New custom motorcycles pop up every day. The quality as well as the design of many builds is skyrocketing towards astonishing levels. If you take a stroll at events such as the Wheels & Waves or Glemseck 101, you’ll see fabulous bikes in such quantities no one would have dared to dream of years ago. Custom workshops try to surpass each other and just when you think you’ve seen it all, someone comes around with a new two-wheeled marvel.
But how’s that? Sure, the new custom bike scene is growing at a fast pace while numerous media channels feature new bikes from every far-flung corner of the earth. This, in combination with large companies trying to get their share by supporting projects to bear their brand name, brings out the message to a larger audience. But I think it’s more a question of who this new people involved in bikeprojects are and where they actually come from than simply the fact that so many new people adhere to the scene.
Some time ago, custom bikes where mostly built by talented mechanics, mastering many manufacturing techniques but sometimes lacking a bit of an eye for aesthetics. Now, if you build custom bikes, it’s not like you have to match the color of your socks to your bike, but over the past few years one can observe a steady increase of perfectly harmonious bikes. Apparently, there are more and more people involved who know perfectly well how to combine different elements in order to get a perfectly balanced result.
Ulfert Janssen can be described as one of these people. The native German studied design in Pasadena, California and worked for more than ten years in Renault’s design department in Barcelona. Ulfert recently settled in Switzerland where he founded Gannet Design, a company designing cars, bikes as well as products for the lifestyle and luxury market. But a quick look at Gannet Design’s website reveals what Ulfert Janssen seems to be most passionate about.
Alongside exceptional designs for MV Agustas, BMW R-nine T’s or many other bikes, one can see that various projects by well-known workshops such as Walzwerk Racing or Amsterdam’s Numbnut Motorcycles are based on Ulfert Janssen’s designs. Some of you might remember Walzwerk Racing’s Café Racer based on a Ducati Scrambler, Numbnut Motorcycles’ Yamaha Yard Built XJR 1300 or their famous TW Steel Watches XV 950 causing quite a stir at the beginning of the year.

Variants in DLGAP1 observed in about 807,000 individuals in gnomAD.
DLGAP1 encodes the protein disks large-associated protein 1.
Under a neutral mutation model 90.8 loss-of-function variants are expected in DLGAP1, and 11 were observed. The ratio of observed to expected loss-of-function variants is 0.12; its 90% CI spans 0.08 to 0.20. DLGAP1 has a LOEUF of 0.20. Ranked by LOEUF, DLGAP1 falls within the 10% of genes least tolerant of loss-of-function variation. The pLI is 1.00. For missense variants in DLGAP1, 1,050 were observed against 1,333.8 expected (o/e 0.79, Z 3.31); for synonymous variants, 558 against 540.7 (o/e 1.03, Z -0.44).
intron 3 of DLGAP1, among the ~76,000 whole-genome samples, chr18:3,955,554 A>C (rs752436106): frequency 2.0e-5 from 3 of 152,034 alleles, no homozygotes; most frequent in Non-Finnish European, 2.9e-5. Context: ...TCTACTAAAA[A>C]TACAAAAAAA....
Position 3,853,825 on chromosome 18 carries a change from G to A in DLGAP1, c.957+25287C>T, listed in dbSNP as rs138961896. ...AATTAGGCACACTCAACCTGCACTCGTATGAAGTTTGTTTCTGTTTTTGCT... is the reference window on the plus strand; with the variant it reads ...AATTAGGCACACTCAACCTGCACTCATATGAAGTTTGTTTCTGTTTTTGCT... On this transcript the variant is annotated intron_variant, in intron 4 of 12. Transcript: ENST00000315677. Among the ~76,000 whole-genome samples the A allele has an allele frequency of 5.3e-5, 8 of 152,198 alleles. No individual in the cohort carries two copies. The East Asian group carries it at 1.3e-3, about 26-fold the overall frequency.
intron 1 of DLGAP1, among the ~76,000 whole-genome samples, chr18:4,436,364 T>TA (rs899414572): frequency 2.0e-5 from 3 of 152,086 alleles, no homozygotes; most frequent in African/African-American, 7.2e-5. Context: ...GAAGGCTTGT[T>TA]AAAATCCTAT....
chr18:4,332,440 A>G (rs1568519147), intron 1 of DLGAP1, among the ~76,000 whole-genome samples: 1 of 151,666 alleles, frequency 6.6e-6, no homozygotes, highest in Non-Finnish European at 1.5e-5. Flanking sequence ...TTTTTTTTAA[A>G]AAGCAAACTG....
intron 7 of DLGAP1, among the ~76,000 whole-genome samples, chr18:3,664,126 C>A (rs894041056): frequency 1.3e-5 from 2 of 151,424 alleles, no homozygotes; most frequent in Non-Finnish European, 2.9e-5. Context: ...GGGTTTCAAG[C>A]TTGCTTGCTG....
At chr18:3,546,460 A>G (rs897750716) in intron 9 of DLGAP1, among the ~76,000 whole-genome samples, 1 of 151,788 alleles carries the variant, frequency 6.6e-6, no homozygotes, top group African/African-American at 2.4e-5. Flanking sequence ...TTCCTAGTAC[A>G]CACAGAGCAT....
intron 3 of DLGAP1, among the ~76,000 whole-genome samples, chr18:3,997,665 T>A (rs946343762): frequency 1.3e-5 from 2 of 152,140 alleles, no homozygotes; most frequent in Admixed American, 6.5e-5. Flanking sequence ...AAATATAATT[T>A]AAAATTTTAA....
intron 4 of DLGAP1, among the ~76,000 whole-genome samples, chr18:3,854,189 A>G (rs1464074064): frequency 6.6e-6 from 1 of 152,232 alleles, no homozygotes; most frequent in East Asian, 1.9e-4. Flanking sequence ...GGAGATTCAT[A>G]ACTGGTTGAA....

That’s why Numbnut chose to build their latest bike, in collaboration with Vanguard Clothing, based on another design by Ulfert Janssen. The result is a rolling homage to Moto Guzzi’s legendary V8 Racer from the fifties. The 500ccm racing bike, equipped with a transversally installed V8 engine, was considered a technical masterpiece developing 79hp in 1957 with a top speed of 275km/h.
Based on a recent 1400 Moto Guzzi Eldorado, Ulfert Jansen and Numbnut Motorcycles created a spectacular bike. With its green eggshell-fairing, this bike is a distinct reminiscence to its historic predecessor. The collaboration with lifestyle and clothing label Vanguard led to neat details such as the number plate being fixed with the same rivets as their new, aptly named V8 Racer jeans. Further, an embossed logo and special stitching on the seat point to the collaboration with Vanguard.
I think it’s safe to say that bikes like the Vanguard Moto Guzzi V8 prove that cooperation between different parties, each one of them specialized in its own field, can lead to fabulous results and enrich the scene of custom motorcycles.
I recommend you to take a detour to Gannet Design’s WEBSITE or FACEBOOK page. Have a look at the designs as well as the completed bikes and you’ll see that nowadays, true passion for motorcycles is not exclusively lived in oil-stained workshops anymore.